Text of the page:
The Study: Final results of HD 0607 are out this week in JCO and it's packed with data. 782 patients with stage IIB-IVB HL received ABVD x 2 then restaging PET. If PET-negative (81%), they went on to complete a total of ABVD x 6 +/- consolidative radiation to nodes initially > 5 cm. If PET-positive (19%), they received eBEACOPP x 4 then standard BEACOPP x 4 +/- rituximab. The 3-year progression-free survival (PFS) rate for PET-negative patients was an impressive 87% (radiation made no difference) and for PET-positive patients was 60% (rituximab made no difference). Why this design? Escalated BEACOPP is some serious chemo that both improves survival and multiplies the toxicity--so selecting the patients who will benefit most (like with, say, a PET) maintains promising cure rates while minimizing toxicity.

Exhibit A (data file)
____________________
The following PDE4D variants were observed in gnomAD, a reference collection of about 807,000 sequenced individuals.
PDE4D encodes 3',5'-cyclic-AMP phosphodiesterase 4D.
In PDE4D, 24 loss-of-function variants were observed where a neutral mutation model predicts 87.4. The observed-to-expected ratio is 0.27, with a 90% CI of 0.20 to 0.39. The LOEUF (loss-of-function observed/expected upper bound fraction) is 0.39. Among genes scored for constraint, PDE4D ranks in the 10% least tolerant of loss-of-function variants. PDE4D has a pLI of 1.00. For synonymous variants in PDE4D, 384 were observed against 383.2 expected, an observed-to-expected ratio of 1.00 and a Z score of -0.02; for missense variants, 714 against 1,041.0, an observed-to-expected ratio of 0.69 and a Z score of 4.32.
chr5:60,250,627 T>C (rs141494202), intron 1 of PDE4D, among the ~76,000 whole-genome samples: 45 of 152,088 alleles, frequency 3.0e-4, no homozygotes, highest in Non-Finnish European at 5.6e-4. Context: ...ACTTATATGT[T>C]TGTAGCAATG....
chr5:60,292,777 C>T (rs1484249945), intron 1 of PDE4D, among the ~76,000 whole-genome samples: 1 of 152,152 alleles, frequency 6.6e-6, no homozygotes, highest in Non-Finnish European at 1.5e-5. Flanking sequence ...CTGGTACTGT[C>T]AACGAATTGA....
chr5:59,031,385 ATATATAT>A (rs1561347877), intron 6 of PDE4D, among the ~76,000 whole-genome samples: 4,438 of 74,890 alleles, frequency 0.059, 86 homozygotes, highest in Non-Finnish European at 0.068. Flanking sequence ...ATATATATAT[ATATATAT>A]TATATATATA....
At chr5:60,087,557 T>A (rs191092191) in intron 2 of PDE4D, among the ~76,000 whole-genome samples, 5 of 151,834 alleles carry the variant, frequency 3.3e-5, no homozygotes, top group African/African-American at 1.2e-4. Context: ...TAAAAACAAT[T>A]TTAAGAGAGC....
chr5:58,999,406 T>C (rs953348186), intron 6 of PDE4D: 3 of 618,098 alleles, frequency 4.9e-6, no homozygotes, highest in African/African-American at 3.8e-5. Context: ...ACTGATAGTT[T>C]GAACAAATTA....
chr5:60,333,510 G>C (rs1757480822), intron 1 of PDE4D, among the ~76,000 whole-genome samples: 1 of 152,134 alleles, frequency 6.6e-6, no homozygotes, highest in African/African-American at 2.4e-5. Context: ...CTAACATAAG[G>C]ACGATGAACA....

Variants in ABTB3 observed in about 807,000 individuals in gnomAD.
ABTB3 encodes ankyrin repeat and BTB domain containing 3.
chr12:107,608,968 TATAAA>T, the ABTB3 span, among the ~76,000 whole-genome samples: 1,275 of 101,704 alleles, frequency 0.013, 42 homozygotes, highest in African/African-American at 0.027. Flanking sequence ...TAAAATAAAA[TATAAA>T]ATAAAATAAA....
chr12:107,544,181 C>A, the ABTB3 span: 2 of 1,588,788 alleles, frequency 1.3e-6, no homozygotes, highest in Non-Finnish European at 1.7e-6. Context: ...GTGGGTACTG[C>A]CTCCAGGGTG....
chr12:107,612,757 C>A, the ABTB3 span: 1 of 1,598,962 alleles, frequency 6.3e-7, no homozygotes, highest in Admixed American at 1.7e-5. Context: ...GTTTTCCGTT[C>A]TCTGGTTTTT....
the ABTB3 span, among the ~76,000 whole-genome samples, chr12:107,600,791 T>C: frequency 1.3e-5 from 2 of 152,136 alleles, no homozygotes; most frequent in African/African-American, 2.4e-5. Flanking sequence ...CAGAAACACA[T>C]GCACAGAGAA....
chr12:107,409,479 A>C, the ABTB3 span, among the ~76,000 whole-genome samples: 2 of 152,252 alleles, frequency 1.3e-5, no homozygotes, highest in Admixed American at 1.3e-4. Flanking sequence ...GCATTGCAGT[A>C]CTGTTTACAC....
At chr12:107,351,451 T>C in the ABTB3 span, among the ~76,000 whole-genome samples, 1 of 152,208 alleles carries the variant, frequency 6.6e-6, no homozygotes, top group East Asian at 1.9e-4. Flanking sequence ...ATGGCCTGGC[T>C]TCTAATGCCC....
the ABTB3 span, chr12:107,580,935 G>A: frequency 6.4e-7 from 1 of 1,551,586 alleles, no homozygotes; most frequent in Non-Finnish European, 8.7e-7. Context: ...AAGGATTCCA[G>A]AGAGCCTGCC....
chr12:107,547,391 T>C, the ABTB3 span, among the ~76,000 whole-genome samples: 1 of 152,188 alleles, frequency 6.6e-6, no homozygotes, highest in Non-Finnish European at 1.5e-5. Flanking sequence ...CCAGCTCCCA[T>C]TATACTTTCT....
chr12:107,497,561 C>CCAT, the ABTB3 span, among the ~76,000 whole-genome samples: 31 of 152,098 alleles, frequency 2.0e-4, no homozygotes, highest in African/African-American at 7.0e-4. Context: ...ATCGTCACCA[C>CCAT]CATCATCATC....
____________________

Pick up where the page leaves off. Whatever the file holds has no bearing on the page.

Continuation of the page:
The Bottom Line: Employing a PET-adaptive strategy in advanced stage HL allows for up to 80% of patients to achieve excellent disease control with (way) less intensive chemo.